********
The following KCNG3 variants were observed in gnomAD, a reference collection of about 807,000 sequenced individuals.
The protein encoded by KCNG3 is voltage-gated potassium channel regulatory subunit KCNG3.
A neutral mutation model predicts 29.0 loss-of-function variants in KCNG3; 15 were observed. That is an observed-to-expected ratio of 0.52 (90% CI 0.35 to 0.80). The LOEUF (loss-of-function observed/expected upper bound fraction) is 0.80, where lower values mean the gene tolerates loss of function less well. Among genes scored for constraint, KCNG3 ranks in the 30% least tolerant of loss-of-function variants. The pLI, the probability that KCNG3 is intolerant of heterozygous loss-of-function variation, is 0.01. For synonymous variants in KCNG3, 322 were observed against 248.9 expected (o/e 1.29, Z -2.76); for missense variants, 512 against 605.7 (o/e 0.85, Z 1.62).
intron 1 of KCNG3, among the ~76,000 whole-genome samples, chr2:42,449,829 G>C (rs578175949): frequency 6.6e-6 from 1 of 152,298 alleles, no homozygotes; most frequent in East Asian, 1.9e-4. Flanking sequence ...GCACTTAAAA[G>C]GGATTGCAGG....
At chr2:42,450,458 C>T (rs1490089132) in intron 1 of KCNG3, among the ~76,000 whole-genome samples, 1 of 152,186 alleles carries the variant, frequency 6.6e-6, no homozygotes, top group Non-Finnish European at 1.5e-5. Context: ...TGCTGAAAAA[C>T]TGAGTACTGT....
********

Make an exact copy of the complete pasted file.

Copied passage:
The following KCNG3 variants were observed in gnomAD, a reference collection of about 807,000 sequenced individuals.
The protein encoded by KCNG3 is voltage-gated potassium channel regulatory subunit KCNG3.
A neutral mutation model predicts 29.0 loss-of-function variants in KCNG3; 15 were observed. That is an observed-to-expected ratio of 0.52 (90% CI 0.35 to 0.80). The LOEUF (loss-of-function observed/expected upper bound fraction) is 0.80, where lower values mean the gene tolerates loss of function less well. Among genes scored for constraint, KCNG3 ranks in the 30% least tolerant of loss-of-function variants. The pLI, the probability that KCNG3 is intolerant of heterozygous loss-of-function variation, is 0.01. For synonymous variants in KCNG3, 322 were observed against 248.9 expected (o/e 1.29, Z -2.76); for missense variants, 512 against 605.7 (o/e 0.85, Z 1.62).
intron 1 of KCNG3, among the ~76,000 whole-genome samples, chr2:42,449,829 G>C (rs578175949): frequency 6.6e-6 from 1 of 152,298 alleles, no homozygotes; most frequent in East Asian, 1.9e-4. Flanking sequence ...GCACTTAAAA[G>C]GGATTGCAGG....
At chr2:42,450,458 C>T (rs1490089132) in intron 1 of KCNG3, among the ~76,000 whole-genome samples, 1 of 152,186 alleles carries the variant, frequency 6.6e-6, no homozygotes, top group Non-Finnish European at 1.5e-5. Context: ...TGCTGAAAAA[C>T]TGAGTACTGT....